September 11, 2020

Tropical Storm To Develop In Gulf On Saturday—One Of Six Atlantic Systems To Watch

The National Hurricane Center's tropical outlook map is lit up like the dashboard on a rickety old car. Forecasters are tracking six different features in the Atlantic Ocean: two named storms, a soon-to-be named storm, and three disturbances that could develop soon. The greatest risks to land right now are a tropical depression over The Bahamas and Tropical Storm Paulette, which could hit Bermuda as a hurricane early next week.

This week marks the climatological peak of hurricane season. This is the point when atmospheric conditions and sea surface temperatures are usually most favorable for tropical activity in the Atlantic Ocean, and it's certainly proving true this year.

Tropical Depression Nineteen

A disturbance we've been watching for a few days organized into Tropical Depression Nineteen over The Bahamas on Friday afternoon. The system will likely strengthen into Tropical Storm Sally within the next day or so as it moves across southern Florida and heads into the eastern Gulf of Mexico.

A tropical storm watch is in effect for southeastern Florida ahead of the depression's landfall tonight, and it's likely that more watches and warnings will be needed for the Gulf Coast later this weekend.

The Gulf is plenty warm enough to sustain a storm. It's been a few weeks since Marco and Laura and those storms didn't do much to cool down the water anyway. Atmospheric conditions should be favorable for further development if the depression can root itself in the environment and organize as it heads toward land.

The NHC's forecast shows the system nearing hurricane strength when it reaches the northern Gulf Coast on Monday and Tuesday.

Regardless of its strength, the system looks like it'll bring some heavy rain to the Gulf Coast. The Weather Prediction Center's precipitation forecast issued on Friday afternoon shows the potential for 5"+ of rain along the northern Gulf Coast, with higher totals likely if the storm organizes and strengthens.

Folks from New Orleans to Tampa need to watch this system closely and get ready to take action early next week as it closes in on the area. Make sure you've got a plan if you live in a flood-prone area. Check your supplies and make sure you've got enough food, water, and batteries to make it through a couple of days without power.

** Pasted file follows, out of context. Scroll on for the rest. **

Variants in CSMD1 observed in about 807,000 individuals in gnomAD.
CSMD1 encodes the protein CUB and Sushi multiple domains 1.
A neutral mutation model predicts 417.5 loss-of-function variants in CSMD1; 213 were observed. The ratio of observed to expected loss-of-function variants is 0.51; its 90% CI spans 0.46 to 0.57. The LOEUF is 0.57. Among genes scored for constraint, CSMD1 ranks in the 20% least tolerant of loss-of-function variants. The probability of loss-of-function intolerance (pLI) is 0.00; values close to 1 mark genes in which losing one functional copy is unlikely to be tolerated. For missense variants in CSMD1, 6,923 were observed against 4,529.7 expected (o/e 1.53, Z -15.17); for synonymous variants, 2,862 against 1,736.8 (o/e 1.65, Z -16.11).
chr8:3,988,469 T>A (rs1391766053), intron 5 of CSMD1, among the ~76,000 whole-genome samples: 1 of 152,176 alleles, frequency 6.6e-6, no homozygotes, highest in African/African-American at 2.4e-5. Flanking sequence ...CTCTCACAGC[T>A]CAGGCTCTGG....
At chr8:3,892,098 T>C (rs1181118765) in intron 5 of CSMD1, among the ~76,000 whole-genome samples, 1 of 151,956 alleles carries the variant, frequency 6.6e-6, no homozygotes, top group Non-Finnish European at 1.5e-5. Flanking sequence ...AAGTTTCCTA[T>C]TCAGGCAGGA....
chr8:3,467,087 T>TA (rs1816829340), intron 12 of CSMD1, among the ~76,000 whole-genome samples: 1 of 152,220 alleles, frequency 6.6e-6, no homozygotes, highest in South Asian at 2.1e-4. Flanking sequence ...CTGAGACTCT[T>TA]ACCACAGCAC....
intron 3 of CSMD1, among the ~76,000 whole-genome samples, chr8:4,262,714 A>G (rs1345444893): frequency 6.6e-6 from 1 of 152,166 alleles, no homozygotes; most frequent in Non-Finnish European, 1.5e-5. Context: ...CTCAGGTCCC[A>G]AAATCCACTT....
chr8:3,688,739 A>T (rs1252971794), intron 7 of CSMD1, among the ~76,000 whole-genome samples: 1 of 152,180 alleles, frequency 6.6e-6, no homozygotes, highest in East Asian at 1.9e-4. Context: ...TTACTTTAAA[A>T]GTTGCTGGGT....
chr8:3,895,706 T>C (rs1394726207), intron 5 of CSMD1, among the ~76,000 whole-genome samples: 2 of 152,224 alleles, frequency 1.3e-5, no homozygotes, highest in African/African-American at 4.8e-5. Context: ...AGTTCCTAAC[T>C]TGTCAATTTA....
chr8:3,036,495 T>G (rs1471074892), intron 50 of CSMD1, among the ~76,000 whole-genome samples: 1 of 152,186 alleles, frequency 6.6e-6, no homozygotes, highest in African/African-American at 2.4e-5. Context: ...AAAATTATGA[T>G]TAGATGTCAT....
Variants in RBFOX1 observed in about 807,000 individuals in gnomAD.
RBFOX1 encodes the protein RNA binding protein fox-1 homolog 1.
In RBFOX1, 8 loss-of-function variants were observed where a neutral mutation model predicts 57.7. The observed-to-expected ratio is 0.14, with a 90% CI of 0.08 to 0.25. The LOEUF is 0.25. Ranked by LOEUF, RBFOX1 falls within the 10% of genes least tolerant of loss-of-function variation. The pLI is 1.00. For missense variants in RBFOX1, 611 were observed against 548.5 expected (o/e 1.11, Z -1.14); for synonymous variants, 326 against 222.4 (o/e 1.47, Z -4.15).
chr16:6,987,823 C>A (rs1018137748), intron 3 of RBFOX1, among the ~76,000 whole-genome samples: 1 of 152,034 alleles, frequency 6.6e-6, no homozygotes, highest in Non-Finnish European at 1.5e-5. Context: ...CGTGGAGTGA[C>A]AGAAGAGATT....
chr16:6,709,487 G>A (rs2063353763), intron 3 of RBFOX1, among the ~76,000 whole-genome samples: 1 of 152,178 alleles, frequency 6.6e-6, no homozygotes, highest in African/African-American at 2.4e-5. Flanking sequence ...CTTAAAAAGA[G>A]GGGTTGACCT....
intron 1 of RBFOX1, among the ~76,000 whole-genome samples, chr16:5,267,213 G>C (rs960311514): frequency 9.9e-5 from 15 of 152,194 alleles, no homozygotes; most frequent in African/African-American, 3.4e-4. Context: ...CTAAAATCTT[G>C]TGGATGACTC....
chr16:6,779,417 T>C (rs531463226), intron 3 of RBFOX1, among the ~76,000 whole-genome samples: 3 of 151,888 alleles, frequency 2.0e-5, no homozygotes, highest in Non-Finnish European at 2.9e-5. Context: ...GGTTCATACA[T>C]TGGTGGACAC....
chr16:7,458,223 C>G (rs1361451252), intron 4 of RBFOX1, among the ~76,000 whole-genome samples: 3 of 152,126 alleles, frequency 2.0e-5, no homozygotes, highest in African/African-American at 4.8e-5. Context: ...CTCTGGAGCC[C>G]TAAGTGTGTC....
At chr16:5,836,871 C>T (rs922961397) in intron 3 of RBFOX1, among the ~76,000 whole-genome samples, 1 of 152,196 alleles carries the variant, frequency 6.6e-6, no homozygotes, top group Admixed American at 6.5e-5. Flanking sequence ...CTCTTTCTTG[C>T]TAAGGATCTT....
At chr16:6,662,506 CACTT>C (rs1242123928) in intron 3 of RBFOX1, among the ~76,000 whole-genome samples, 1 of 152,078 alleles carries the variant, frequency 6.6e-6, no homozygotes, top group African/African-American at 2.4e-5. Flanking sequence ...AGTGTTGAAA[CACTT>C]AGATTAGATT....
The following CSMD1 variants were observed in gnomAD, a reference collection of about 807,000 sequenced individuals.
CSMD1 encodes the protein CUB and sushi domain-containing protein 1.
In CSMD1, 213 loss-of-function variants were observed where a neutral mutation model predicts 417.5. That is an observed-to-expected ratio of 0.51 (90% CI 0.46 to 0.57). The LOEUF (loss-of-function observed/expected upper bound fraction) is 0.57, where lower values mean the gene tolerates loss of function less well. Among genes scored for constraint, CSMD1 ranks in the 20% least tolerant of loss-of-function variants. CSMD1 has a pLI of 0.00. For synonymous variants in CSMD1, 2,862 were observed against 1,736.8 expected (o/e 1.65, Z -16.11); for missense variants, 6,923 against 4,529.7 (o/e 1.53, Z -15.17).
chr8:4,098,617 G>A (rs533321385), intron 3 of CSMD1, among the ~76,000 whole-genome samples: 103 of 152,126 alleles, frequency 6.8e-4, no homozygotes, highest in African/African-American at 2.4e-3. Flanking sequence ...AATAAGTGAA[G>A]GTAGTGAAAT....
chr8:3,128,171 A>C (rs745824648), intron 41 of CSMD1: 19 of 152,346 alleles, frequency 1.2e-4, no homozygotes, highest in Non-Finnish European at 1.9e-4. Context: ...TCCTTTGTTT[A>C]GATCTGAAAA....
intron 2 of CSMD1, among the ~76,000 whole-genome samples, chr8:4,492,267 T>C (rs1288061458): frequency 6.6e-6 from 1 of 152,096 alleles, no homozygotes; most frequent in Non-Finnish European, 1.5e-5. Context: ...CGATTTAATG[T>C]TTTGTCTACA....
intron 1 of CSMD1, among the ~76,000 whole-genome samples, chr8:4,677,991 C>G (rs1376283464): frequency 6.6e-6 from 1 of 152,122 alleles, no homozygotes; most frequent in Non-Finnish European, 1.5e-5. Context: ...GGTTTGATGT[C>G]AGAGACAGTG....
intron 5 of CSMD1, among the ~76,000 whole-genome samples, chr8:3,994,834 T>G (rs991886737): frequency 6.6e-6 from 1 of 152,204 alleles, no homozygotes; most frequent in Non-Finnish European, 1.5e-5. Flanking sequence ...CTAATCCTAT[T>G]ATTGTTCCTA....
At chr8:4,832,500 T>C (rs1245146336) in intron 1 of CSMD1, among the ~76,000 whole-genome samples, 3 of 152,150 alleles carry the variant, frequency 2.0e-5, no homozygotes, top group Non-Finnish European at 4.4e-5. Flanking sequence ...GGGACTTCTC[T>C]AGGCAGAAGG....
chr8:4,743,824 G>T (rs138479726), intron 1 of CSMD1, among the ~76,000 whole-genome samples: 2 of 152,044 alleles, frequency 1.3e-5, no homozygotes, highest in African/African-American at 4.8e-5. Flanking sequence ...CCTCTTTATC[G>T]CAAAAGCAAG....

Tropical Storm Paulette

Paulette's still out there. The storm formed way out in the eastern Atlantic last Sunday and it's spent the week chugging along a west-northwestward track across the Atlantic Ocean. 

The NHC's latest advisory calls for Paulette to strengthen into a hurricane as it heads toward Bermuda this weekend. A cold front sweeping off the U.S. East Coast will meet the hurricane in the western Atlantic on Monday, forcing the storm to stop in its track and abruptly curve northeast.

The timing of when the hurricane meets the cold front will make all the difference for Bermuda. There's a chance that the storm pivots and makes a direct landfall in Bermuda, which would expose the island to a period of intense winds and storm surge. If the turn happens sooner or later, the island would feel fewer impacts from the storm.

Tropical Storm Rene

Rene formed just a little while after Paulette. The system moved through the Cabo Verde Islands as a tropical storm earlier this week, bringing bad weather to an island chain that usually escapes the direct impacts of a strengthening storm. (Systems that originate in Africa usually don't organize until they're well west of the Cabo Verde Islands.)